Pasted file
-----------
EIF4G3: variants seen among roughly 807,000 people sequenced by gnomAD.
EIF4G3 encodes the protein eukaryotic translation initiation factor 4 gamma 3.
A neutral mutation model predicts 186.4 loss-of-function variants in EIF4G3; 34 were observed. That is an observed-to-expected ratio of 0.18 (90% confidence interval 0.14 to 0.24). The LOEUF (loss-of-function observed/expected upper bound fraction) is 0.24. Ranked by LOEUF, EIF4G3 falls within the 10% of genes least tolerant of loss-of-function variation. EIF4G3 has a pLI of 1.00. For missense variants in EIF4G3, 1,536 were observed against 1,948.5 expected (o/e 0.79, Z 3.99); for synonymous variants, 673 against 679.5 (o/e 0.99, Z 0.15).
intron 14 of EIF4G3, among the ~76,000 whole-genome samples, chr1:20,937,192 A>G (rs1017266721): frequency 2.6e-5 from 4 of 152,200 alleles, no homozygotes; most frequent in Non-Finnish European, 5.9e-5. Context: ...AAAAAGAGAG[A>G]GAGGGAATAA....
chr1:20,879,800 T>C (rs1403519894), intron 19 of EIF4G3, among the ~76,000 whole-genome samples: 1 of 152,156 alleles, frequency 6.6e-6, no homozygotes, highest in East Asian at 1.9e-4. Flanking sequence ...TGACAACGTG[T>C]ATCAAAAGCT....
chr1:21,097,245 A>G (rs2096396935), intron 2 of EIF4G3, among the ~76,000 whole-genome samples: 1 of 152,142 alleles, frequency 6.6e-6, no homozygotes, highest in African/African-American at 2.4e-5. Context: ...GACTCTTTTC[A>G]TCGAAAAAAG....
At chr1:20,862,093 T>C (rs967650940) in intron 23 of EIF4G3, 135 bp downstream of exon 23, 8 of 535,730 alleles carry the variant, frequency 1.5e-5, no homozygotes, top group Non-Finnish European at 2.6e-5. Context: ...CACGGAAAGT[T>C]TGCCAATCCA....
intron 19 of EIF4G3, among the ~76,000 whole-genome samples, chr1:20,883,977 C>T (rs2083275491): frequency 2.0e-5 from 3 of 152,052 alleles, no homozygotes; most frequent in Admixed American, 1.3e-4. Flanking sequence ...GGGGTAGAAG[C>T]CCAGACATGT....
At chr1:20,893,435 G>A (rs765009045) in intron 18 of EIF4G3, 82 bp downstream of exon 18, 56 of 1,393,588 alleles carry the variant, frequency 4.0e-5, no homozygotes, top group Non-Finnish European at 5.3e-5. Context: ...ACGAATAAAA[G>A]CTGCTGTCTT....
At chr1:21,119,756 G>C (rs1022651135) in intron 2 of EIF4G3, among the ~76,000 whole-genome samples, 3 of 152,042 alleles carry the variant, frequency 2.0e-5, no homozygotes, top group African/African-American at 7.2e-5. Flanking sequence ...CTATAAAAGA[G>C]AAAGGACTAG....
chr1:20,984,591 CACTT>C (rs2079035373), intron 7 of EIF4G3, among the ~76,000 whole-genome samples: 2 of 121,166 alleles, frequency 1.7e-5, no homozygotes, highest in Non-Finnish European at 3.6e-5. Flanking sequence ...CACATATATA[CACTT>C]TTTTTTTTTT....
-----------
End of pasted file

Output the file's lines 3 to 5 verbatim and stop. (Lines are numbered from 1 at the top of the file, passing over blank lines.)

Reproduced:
A neutral mutation model predicts 186.4 loss-of-function variants in EIF4G3; 34 were observed. That is an observed-to-expected ratio of 0.18 (90% confidence interval 0.14 to 0.24). The LOEUF (loss-of-function observed/expected upper bound fraction) is 0.24. Ranked by LOEUF, EIF4G3 falls within the 10% of genes least tolerant of loss-of-function variation. EIF4G3 has a pLI of 1.00. For missense variants in EIF4G3, 1,536 were observed against 1,948.5 expected (o/e 0.79, Z 3.99); for synonymous variants, 673 against 679.5 (o/e 0.99, Z 0.15).
intron 14 of EIF4G3, among the ~76,000 whole-genome samples, chr1:20,937,192 A>G (rs1017266721): frequency 2.6e-5 from 4 of 152,200 alleles, no homozygotes; most frequent in Non-Finnish European, 5.9e-5. Context: ...AAAAAGAGAG[A>G]GAGGGAATAA....
chr1:20,879,800 T>C (rs1403519894), intron 19 of EIF4G3, among the ~76,000 whole-genome samples: 1 of 152,156 alleles, frequency 6.6e-6, no homozygotes, highest in East Asian at 1.9e-4. Flanking sequence ...TGACAACGTG[T>C]ATCAAAAGCT....